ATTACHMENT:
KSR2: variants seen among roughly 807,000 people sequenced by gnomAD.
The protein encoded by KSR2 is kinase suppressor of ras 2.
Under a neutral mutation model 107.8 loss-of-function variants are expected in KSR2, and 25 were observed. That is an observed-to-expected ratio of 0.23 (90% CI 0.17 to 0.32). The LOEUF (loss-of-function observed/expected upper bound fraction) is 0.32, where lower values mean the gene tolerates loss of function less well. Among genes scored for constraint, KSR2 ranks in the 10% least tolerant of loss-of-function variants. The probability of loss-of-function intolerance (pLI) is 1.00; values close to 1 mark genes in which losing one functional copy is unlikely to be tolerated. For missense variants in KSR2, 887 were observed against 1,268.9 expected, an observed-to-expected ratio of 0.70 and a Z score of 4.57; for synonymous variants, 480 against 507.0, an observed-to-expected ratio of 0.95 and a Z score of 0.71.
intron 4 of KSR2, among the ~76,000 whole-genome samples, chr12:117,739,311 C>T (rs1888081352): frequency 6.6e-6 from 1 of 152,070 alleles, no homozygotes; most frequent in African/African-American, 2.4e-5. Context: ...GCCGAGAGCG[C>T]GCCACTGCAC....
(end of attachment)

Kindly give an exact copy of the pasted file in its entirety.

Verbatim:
KSR2: variants seen among roughly 807,000 people sequenced by gnomAD.
The protein encoded by KSR2 is kinase suppressor of ras 2.
Under a neutral mutation model 107.8 loss-of-function variants are expected in KSR2, and 25 were observed. That is an observed-to-expected ratio of 0.23 (90% CI 0.17 to 0.32). The LOEUF (loss-of-function observed/expected upper bound fraction) is 0.32, where lower values mean the gene tolerates loss of function less well. Among genes scored for constraint, KSR2 ranks in the 10% least tolerant of loss-of-function variants. The probability of loss-of-function intolerance (pLI) is 1.00; values close to 1 mark genes in which losing one functional copy is unlikely to be tolerated. For missense variants in KSR2, 887 were observed against 1,268.9 expected, an observed-to-expected ratio of 0.70 and a Z score of 4.57; for synonymous variants, 480 against 507.0, an observed-to-expected ratio of 0.95 and a Z score of 0.71.
intron 4 of KSR2, among the ~76,000 whole-genome samples, chr12:117,739,311 C>T (rs1888081352): frequency 6.6e-6 from 1 of 152,070 alleles, no homozygotes; most frequent in African/African-American, 2.4e-5. Context: ...GCCGAGAGCG[C>T]GCCACTGCAC....